This painting tutorial is a little bit different, but it’s still easy.
Typically I start with the medium color, then add highlights and shading, and finish with a topcoat of the base color. For this coffee cup, you start with the deepest shade and work your way up.
It’s called underpainting.
I paint on watercolor paper a lot. And I always recommend it to beginning painters, even though I work in acrylic paint. But there’s an issue – after basecoating, the paper curls.
There’s a very simple solution though . . .
Turn the painted side down and wet the unpainted side with a paintbrush. This will cause both sides of the watercolor paper to shrink fairly evenly. I still press it down with some heavy books while it dries, though.
The background is a combination of Autumn Brown & Raw Sienna. Then basecoat the cup and saucer with a deep blue. I used Ceramcoat’s Blue Velvet.
For the steam, any Ivory or light Beige will work. I used Bamboo.
Paint a 2nd coat of Bamboo and while still wet add some Bambi Brown – or any light shade of brown.
The light brown just gives some movement to the steam.
Next, add some shading under the saucer with a mixture of Autumn Brown & Dark Burnt Umber.
I didn’t want it really dark, which is why I blended the two paints.
Then, just like with the steam, wet-blend some Dark Burnt Umber along the edges of the ‘shadow’.
It’s just easier to blend while the paints are still wet. You could also use a glaze or floating medium.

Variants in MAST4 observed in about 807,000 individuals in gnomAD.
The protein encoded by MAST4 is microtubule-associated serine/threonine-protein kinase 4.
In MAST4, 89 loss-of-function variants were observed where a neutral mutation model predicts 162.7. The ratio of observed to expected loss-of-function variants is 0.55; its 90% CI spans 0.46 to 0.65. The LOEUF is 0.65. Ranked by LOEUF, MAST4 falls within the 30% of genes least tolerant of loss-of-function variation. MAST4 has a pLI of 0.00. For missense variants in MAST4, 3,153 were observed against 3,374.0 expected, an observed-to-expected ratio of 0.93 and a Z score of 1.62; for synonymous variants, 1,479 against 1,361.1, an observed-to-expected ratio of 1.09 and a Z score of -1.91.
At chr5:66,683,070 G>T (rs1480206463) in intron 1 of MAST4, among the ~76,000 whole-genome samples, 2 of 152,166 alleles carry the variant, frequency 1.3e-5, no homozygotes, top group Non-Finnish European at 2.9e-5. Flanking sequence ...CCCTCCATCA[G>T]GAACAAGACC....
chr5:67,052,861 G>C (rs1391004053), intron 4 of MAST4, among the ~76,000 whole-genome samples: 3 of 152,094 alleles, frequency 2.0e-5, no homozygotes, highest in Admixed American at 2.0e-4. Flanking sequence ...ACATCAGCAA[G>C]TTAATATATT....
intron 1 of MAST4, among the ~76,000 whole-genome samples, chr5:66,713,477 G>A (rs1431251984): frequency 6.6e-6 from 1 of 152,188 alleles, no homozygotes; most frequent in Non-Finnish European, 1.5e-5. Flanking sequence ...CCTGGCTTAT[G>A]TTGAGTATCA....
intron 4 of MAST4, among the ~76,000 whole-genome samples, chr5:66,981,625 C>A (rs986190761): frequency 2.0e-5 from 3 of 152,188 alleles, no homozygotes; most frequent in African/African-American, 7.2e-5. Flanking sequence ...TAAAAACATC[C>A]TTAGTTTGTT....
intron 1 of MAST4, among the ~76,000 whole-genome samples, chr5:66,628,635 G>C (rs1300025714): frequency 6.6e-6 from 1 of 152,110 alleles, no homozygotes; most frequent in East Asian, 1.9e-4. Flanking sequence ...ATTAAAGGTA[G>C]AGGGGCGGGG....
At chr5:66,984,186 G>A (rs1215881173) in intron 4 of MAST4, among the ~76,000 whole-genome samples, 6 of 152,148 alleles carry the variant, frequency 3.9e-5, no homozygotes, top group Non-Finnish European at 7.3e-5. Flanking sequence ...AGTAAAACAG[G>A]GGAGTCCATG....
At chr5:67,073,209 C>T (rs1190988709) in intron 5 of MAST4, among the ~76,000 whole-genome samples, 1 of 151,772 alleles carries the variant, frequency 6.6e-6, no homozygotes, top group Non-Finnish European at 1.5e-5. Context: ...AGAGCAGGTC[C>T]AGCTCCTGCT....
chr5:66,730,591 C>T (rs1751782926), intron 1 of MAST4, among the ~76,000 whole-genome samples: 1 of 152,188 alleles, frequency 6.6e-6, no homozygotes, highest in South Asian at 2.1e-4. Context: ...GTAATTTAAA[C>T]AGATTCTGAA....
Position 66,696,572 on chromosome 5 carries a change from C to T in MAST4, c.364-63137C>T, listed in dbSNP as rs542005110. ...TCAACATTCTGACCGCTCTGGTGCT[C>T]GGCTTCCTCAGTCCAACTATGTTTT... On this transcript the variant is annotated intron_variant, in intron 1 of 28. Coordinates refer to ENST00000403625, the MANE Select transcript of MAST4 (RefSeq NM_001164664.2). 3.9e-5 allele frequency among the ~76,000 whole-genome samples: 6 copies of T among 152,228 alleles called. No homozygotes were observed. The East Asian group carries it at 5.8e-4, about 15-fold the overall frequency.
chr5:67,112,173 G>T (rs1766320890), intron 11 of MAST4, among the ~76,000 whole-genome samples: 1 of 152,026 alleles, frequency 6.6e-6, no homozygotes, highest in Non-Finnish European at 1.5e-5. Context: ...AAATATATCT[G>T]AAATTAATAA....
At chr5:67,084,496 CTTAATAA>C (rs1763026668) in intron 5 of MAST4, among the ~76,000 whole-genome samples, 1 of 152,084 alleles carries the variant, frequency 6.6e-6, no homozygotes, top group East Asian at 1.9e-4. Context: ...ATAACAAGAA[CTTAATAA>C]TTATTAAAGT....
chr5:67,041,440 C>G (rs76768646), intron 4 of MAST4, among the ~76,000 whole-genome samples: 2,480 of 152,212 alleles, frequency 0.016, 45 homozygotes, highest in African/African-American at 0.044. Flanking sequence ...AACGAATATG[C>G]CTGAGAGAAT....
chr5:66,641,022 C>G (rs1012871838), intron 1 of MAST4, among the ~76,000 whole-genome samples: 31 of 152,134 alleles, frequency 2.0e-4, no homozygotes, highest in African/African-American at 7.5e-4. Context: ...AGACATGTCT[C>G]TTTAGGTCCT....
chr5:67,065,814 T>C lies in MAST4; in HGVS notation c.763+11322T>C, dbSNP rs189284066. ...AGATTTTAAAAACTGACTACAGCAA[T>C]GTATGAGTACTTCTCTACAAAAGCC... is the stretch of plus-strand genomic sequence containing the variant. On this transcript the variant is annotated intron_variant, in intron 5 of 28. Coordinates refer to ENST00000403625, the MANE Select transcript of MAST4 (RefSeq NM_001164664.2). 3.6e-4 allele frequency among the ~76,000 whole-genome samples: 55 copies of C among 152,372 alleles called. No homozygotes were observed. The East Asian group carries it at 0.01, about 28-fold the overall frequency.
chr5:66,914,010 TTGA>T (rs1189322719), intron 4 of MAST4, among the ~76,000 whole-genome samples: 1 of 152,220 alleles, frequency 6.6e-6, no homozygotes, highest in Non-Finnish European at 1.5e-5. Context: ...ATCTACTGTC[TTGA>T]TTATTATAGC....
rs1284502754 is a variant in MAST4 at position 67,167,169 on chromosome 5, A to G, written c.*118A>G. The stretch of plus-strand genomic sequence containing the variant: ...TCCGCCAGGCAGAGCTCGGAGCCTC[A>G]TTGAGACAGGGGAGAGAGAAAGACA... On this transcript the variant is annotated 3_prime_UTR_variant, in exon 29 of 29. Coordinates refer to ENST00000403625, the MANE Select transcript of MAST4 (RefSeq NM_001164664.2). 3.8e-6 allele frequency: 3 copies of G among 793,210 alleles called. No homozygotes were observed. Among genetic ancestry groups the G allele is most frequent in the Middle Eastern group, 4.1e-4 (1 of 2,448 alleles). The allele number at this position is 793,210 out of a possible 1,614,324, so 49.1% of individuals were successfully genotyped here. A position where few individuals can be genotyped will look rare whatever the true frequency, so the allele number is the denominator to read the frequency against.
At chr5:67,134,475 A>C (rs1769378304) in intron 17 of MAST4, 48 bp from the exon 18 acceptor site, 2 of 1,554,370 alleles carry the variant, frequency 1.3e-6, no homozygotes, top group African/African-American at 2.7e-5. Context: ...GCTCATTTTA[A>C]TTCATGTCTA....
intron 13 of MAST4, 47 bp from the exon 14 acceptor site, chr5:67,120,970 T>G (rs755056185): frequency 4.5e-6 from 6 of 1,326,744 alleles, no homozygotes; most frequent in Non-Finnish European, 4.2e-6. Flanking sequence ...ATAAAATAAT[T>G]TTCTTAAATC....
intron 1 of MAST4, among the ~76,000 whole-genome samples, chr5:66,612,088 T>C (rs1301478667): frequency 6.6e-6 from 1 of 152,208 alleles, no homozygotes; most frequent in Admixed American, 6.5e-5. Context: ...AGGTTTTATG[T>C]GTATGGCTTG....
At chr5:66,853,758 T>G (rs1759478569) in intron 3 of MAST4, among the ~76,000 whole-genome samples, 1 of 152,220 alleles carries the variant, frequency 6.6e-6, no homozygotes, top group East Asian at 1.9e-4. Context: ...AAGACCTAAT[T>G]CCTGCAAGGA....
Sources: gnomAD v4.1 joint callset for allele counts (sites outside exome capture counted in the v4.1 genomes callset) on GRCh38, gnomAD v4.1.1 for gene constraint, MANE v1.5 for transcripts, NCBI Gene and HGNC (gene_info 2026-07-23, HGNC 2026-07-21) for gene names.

Add shading with Dark Burnt Umber around all edges of the cup and saucer, a patch of shading on one side of the cup and a little bit on the saucer.
Paint a medium blue – Colonial Blue – everywhere except where you painted Dk. Burnt Umber. It may take a couple of coats, depending on how heavy you apply paint.
Next comes White. Bright white. Pure white. And if you do much painting at all, invest in a tube of artist acrylic White. You’ll save loads of time because tube acrylic covers so much better than liquid craft paint.
It’s a bit scary to put White on, but don’t worry. You’ll cover up a lot of it.
With the medium blue, cover up the White on both sides of the cup and at the back of the saucer, and just a little on either side of the main ‘stripe’ on the left of the cup.
As it dries, some of the white will still show through, but it’s okay. That’s what we want.
If it still looks a little weird to you, do this:
Prop the painting up and step back about 4 or 5 feet.
Now look at it . . .
Surprise!!! Looks pretty good, huh?
Always, always, always, step back a few feet when you’re painting. It doesn’t matter if you’re doing a small piece or a huge wall mural, you have to step back to get a better perspective.
If you find yourself getting super judgmental, walk out of the room, take a few minutes . . . fold some laundry, go for a walk, empty the dishwasher, whatever! . . . and then come back and look at your painting. You’ll see it with fresh eyes, I promise!
Add some lettering if you want with a stencil, or cut out vinyl if you have a Silhouette or Cricut. Or use a photo program. Or leave it blank. I like adding words in Photoshop. Then I can change them to whatever I want, whenever I want.
But you do what you like with your own painting.
You can get the full pattern and photo tutorial here for free.